Before and After Flying with Dragons

Before

in a vivid season, colours 
splash from an artist’s palette:

           ochre fields
                      untold shades of leaves and grasses
                                  tumbling petals pink and yellow

flashes of metallic red and blue
            zip in and out
                        of willow leaves and nettles
                                     hover above ponds and rivers

electric shimmers
           dragon-flying in a haze
                     of sultry shadow-play

After

in a blatant hurrah, colours
trumpet from an artist’s palette:

       ochre fields
                  untold shades of leaves and grasses
                              vivacious petals pink and yellow

flashes of metallic red and blue
             zip in and out
                         of willow leaves and nettles
                                      helicopter over ponds and rivers

galvanic shimmers
             pterosauring in a blaze
                       of viscous shadow-play

Kim M. Russell, 10th September 2020

My response to dVerse Poets Pub Meeting the Bar: Write like a dog, edit like a cat…

This Thursday, Peter is our host with an exercise adapted from work by Australian poet, editor and workshop teacher Melinda Smith, which shows how to make our poems more memorable, bring the ideas into sharper focus, and help them stand out in a crowd, using the Bök Checklist:

Nouns: make them more concrete and more specific.
Verbs: make them active, vivid, more dynamic.
Adjectives: are they needed? Or fix that noun? For those that stay, make them more uncanny.
Adverbs: are they needed? Or fix that verb? For those that stay, make more uncanny.

Our exercise this Thursday is to:

  1. Pick poems we have already written — a favourite, one that needs a second look, one that never reached its full potential (choose a shorter one for tonight’s exercise). This is the ‘before poem’.
  2. Make copies and give them the “Bök test” – highlight all the nouns – could they be more concrete, more specific? Do the same with the verbs — can they be more active? And then with the adjectives & adverbs.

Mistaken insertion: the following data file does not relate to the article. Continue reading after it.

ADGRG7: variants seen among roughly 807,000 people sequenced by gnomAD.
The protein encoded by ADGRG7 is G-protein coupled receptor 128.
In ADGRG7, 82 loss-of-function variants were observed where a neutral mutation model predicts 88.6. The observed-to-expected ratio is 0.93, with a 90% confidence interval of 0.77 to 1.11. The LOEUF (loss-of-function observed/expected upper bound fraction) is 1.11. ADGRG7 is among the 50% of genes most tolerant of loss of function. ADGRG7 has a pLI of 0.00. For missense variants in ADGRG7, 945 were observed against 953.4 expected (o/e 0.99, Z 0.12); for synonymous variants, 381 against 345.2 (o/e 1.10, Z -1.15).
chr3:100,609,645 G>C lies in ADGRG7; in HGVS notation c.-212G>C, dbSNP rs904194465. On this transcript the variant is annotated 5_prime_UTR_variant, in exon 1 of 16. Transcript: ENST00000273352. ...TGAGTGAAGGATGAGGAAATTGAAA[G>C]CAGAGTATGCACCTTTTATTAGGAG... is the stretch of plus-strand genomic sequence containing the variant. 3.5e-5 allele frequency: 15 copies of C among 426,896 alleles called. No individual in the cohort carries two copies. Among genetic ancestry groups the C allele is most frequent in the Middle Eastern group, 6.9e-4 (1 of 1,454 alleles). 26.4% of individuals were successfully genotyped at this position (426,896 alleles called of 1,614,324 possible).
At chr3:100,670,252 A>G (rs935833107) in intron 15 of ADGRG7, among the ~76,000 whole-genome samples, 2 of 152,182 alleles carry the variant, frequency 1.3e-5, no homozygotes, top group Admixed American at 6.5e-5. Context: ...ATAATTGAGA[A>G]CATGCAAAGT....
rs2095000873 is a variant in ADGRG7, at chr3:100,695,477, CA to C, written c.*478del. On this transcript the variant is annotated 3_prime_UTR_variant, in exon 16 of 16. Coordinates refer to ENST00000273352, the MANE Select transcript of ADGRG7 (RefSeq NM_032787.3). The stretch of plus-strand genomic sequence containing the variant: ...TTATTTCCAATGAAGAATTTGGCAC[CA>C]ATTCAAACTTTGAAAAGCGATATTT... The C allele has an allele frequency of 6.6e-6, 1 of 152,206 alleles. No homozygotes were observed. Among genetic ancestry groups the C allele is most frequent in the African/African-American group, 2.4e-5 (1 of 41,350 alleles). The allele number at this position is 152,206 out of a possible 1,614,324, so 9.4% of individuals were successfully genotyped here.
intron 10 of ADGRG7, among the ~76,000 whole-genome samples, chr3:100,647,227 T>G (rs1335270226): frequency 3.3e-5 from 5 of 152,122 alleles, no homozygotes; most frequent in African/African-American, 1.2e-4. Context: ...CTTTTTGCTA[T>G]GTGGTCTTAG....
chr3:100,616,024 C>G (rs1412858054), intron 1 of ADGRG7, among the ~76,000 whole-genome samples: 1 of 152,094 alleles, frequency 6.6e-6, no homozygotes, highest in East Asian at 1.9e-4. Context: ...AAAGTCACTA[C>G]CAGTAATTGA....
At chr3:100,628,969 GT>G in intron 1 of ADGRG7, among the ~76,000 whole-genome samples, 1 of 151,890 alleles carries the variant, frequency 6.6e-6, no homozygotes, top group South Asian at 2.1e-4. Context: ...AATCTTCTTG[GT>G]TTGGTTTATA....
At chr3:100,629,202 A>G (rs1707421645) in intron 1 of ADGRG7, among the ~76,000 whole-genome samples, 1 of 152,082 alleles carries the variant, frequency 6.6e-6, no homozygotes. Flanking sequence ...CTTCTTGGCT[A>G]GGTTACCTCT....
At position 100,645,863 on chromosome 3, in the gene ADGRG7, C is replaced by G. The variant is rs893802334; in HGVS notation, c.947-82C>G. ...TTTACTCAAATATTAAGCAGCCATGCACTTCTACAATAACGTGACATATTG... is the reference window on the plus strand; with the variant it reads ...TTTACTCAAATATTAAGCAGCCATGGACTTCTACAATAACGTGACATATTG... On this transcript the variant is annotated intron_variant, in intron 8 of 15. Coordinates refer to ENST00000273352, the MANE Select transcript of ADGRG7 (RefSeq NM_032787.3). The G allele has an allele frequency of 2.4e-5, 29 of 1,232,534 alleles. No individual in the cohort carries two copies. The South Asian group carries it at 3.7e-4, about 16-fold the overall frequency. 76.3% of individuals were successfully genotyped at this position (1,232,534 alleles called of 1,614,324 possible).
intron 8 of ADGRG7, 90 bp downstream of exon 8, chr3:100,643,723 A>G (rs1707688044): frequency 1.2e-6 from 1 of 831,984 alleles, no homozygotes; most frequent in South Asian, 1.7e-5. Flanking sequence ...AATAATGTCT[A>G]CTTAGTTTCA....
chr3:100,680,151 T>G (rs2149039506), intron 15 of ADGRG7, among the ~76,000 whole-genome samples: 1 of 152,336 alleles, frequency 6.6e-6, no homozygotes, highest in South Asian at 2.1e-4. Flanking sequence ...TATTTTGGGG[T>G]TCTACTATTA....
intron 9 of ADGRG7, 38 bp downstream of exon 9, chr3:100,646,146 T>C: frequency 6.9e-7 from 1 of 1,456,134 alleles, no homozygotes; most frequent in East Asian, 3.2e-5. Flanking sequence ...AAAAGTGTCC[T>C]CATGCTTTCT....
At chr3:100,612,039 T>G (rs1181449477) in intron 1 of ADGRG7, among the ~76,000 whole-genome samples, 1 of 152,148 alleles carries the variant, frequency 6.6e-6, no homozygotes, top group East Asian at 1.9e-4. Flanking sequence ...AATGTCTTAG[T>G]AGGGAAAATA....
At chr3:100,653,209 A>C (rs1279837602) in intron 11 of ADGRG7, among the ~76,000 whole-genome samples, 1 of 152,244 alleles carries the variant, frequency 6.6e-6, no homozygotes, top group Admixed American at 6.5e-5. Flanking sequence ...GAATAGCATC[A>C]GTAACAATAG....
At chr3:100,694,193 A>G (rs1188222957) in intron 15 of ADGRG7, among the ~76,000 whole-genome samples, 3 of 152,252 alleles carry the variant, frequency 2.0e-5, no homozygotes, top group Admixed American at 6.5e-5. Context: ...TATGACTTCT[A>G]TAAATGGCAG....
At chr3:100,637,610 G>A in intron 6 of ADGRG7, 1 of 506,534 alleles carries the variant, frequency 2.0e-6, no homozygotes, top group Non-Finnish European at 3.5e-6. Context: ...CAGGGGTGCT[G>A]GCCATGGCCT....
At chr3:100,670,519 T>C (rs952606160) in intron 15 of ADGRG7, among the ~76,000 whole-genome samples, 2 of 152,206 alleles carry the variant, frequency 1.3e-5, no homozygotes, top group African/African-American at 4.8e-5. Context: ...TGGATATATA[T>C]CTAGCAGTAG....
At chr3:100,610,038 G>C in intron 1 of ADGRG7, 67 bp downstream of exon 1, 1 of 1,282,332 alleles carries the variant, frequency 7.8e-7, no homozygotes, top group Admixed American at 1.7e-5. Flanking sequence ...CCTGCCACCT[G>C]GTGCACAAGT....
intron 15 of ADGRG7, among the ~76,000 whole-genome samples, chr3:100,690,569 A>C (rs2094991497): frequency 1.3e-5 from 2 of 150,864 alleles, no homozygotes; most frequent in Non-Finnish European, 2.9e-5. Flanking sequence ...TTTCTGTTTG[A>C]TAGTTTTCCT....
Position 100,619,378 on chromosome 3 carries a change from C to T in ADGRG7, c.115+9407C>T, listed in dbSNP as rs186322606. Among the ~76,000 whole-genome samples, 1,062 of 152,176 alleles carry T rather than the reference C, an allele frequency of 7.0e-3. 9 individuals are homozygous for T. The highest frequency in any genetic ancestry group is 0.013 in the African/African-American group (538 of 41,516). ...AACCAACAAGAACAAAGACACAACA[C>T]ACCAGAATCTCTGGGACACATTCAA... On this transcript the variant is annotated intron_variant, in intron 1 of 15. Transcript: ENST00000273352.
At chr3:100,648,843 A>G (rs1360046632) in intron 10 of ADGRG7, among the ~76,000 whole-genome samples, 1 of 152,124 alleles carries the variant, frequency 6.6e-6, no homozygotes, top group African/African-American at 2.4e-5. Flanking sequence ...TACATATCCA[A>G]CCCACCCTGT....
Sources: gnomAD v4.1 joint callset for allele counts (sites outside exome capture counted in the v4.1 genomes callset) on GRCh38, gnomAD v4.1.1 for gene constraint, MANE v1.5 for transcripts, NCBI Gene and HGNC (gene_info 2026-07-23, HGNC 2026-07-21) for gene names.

3. Look for the uncanny – can we find a ‘rainforests of chandeliers’, ‘a skies as blue as a car accident,’ ‘speeches as hard as a machine gun’?
  4. Publish both ‘before’ and ‘after’ poems on our blogs.

35 thoughts on “Before and After Flying with Dragons

  1. I liked the before and the after! I particularly liked the addition of helicopter! I also thought the first stanza has much more energy in the second one. It grabs the reader more….much more active in its appeal.

    Liked by 2 people

  2. Vivid work here. ‘helicopter’ ‘galvanic’ – and that wonderful opening line – ‘a blatant hurrah…’ Reading your ‘before’ opening line ‘in a vivid season’ I thought this is a fine line – but the ‘after’ opening crackles and zips. Thanks so much for sharing this with us.

    Liked by 2 people

  3. Woww!!! 😍 This is absolutely stunning, Kim 😀 I love the explosion of colours here; “untold shades of leaves and grasses/vivacious petals pink and yellow.” 💝

    Liked by 1 person

  4. I love the first one best, the colors splashing and then flashing. The second one interests me when colors become sounds trumpeting, and I wish that would continue, converting the flashes and shimmers to rings or hums or whistles or songs, in that vein.

    Liked by 2 people

  5. It’s hard for me to choose between the two versions, as I really like them both: but I love the substitution of ‘helicopter’ for ‘hover’ and ‘galvanic shimmers’ is electrifying to me! I do prefer ‘dragon-flying’ to ‘pterosauring’ though – it seems like nitpicking as a lot of these choices really do come down to personal preference. Both poems are delightful!

    Liked by 1 person

  6. I liked them both Kim. I am drawn to your poetry. You do good work. Perhaps one nod I give to the first version being, I like the two-syllable simplicity of hover vs helicopter, and I think it more accurately describes the motion of the dragonfly’s wings. I really like the closing stanza of the second piece, save for “pterosauring“ — while an interesting word, I feel it possibly distracts from the intensity at the close there. But what the hell do I know… 😉

    Liked by 2 people

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